The kick-off keynote at this year’s B2BMX Conference got everybody talking. Brian Solis, who focused on the humanization of B2B Marketing, made several interesting points. Most are summarized in this cartoon that he created. Solis emphasized the need to understand customers and put their needs first in the conversation.
One statistic was telling: only 35% of companies mapped their customers’ journeys last year; down from 54% the year before. One person opined that this was perhaps because many companies had already created journeys. In ComBlu’s work, we find that the journey is never done. People are always searching for new or useful information. And, new decision-makers are always entering the equation which necessitates new cuts of the journey. Many journeys also fail to provide insights into channels and devices which is essential for a smooth omnichannel experience.
Solis also talked about the role of websites in the era of Tinder. People want instant gratification when they seek information. Traditional websites often fail to deliver relevant content that is easy to engage with and find. When people search, they are not looking for a website; they are looking for both information and advice. They want ideas and inspiration before they know what they need or want. In search results, Google is starting to bypass websites and give preference to voice of the customer and other peer-generated content. People are searching differently today. They are highly specific, personalized and contextual. The inclusion of terms such as “for me”, “near me”, “should I” “how to” and “best xyz”, such as “best umbrella” or “best running shoe for overpronation”, has grown significantly in the past two years. People want to cast a wide net and suss out all the information available. They do not want to miss any ideas or data before narrowing their options.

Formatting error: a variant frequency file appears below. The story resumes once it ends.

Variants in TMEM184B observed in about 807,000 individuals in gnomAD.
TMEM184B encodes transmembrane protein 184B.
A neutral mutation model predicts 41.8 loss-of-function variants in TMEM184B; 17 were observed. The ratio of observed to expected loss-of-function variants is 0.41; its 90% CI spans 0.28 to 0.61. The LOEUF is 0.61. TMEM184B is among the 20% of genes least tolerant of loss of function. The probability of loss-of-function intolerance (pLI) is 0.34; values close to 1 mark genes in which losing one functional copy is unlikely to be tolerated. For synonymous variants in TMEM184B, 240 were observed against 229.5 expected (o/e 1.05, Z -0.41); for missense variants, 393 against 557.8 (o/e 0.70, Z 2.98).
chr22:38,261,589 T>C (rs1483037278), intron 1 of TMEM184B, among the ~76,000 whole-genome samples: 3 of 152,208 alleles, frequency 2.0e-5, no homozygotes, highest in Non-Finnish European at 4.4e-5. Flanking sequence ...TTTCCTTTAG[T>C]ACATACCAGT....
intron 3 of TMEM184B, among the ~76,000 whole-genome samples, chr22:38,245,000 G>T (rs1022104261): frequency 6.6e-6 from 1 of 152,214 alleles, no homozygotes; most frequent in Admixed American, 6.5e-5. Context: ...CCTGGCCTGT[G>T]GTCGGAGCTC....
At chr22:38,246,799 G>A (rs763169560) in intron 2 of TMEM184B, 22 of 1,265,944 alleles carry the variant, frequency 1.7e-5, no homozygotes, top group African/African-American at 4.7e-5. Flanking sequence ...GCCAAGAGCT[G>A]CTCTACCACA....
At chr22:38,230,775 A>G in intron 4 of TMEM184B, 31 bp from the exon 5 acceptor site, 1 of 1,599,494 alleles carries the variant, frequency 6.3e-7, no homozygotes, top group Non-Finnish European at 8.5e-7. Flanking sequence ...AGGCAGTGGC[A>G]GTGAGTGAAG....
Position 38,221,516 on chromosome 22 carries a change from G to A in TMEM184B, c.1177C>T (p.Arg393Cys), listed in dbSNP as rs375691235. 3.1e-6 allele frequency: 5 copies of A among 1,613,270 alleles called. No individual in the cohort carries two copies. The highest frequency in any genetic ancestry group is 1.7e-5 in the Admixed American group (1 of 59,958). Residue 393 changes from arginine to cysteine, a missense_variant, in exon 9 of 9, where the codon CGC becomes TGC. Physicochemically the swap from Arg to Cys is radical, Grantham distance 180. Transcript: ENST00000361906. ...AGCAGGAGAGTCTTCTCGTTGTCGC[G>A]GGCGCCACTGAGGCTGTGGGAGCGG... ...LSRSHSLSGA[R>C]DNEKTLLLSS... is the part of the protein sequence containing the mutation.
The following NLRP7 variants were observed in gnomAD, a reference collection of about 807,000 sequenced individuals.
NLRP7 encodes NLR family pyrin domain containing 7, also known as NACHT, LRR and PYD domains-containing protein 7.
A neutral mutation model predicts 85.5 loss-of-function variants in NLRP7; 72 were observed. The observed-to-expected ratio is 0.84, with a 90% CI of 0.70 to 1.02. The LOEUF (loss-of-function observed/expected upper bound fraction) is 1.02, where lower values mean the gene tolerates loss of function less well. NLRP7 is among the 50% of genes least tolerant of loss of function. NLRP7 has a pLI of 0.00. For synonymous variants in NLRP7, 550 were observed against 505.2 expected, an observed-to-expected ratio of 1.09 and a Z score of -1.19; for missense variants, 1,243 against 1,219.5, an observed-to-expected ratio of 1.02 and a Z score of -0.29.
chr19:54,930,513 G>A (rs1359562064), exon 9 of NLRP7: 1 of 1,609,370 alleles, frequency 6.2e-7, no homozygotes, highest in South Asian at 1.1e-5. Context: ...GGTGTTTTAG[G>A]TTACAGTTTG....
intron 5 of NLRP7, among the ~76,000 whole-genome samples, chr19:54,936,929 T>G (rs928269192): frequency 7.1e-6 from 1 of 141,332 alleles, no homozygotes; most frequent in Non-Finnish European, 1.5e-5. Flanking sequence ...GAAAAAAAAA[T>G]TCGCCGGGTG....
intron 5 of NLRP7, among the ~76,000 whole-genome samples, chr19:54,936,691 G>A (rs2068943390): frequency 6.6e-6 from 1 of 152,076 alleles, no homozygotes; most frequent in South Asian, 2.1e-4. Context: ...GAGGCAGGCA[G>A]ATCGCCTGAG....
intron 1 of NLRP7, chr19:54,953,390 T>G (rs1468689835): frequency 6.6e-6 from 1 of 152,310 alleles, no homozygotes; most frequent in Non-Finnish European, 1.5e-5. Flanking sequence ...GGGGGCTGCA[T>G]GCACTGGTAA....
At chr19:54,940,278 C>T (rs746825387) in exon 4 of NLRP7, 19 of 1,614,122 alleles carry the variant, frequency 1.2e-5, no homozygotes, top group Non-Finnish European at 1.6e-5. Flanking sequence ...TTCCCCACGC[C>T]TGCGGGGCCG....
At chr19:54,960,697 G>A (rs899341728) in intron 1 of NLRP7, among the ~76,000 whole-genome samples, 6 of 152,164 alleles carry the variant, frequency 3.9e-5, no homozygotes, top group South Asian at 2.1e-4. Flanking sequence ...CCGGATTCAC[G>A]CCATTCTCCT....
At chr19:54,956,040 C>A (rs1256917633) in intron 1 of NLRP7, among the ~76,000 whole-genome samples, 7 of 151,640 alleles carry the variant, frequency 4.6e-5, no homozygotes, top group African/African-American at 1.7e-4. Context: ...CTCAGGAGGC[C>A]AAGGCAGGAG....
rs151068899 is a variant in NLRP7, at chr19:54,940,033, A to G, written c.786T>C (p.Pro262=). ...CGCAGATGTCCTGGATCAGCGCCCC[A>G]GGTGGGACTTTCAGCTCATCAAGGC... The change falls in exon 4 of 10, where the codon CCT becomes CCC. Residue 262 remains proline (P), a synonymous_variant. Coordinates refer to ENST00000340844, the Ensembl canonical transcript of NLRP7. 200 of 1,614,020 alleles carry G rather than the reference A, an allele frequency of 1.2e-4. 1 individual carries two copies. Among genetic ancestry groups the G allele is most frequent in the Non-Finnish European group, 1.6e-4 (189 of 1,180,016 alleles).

This trend has deep impact on enterprise content strategy. Companies need to take on the role of an assistant, helping customers find highly personalized content and solutions to meet very specific needs. Content should include curated lists, checklists, guidebooks and other assets designed to accelerate inclusion in a consideration or preference set.
Google calls this the rise of the assistance economy. Brands need to create experiences that put them in the center of a customer’s discovery. Journeys should identify the moments when people are open to new ideas and approaches. This informs a content roadmap that provides differentiating content that truly resonates.
Kathy’s forte is enterprise content strategy, content marketing and thought leadership. Over the past 40 years, she has worked with both emerging brands and large enterprises in developing content and thought leadership strategies. She has written several research reports, white papers and has been a key contributor to Forbes Publish or Perish Report.